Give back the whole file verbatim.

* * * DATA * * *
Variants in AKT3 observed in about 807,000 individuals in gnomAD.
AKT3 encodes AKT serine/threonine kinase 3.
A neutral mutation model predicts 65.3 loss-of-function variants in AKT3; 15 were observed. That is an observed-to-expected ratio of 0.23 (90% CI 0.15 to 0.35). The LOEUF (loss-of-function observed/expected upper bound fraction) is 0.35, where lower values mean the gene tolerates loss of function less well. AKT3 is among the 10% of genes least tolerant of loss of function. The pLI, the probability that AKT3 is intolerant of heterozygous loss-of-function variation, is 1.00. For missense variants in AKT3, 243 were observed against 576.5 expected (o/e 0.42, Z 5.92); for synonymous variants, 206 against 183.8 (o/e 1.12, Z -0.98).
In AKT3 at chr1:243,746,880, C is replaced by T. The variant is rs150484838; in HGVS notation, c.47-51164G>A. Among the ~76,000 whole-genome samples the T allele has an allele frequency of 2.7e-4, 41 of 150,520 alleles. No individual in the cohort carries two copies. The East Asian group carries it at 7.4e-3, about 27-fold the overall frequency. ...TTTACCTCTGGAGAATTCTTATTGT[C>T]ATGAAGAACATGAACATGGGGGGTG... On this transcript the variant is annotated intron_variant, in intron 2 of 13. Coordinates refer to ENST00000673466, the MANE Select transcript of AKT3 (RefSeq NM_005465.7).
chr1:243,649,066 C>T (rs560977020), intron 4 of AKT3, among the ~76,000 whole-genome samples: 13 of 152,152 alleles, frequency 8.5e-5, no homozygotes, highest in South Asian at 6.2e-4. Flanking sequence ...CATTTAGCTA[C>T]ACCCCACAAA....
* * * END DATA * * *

Variants in AKT3 observed in about 807,000 individuals in gnomAD.
AKT3 encodes AKT serine/threonine kinase 3.
A neutral mutation model predicts 65.3 loss-of-function variants in AKT3; 15 were observed. That is an observed-to-expected ratio of 0.23 (90% CI 0.15 to 0.35). The LOEUF (loss-of-function observed/expected upper bound fraction) is 0.35, where lower values mean the gene tolerates loss of function less well. AKT3 is among the 10% of genes least tolerant of loss of function. The pLI, the probability that AKT3 is intolerant of heterozygous loss-of-function variation, is 1.00. For missense variants in AKT3, 243 were observed against 576.5 expected (o/e 0.42, Z 5.92); for synonymous variants, 206 against 183.8 (o/e 1.12, Z -0.98).
In AKT3 at chr1:243,746,880, C is replaced by T. The variant is rs150484838; in HGVS notation, c.47-51164G>A. Among the ~76,000 whole-genome samples the T allele has an allele frequency of 2.7e-4, 41 of 150,520 alleles. No individual in the cohort carries two copies. The East Asian group carries it at 7.4e-3, about 27-fold the overall frequency. ...TTTACCTCTGGAGAATTCTTATTGT[C>T]ATGAAGAACATGAACATGGGGGGTG... On this transcript the variant is annotated intron_variant, in intron 2 of 13. Coordinates refer to ENST00000673466, the MANE Select transcript of AKT3 (RefSeq NM_005465.7).
chr1:243,649,066 C>T (rs560977020), intron 4 of AKT3, among the ~76,000 whole-genome samples: 13 of 152,152 alleles, frequency 8.5e-5, no homozygotes, highest in South Asian at 6.2e-4. Flanking sequence ...CATTTAGCTA[C>T]ACCCCACAAA....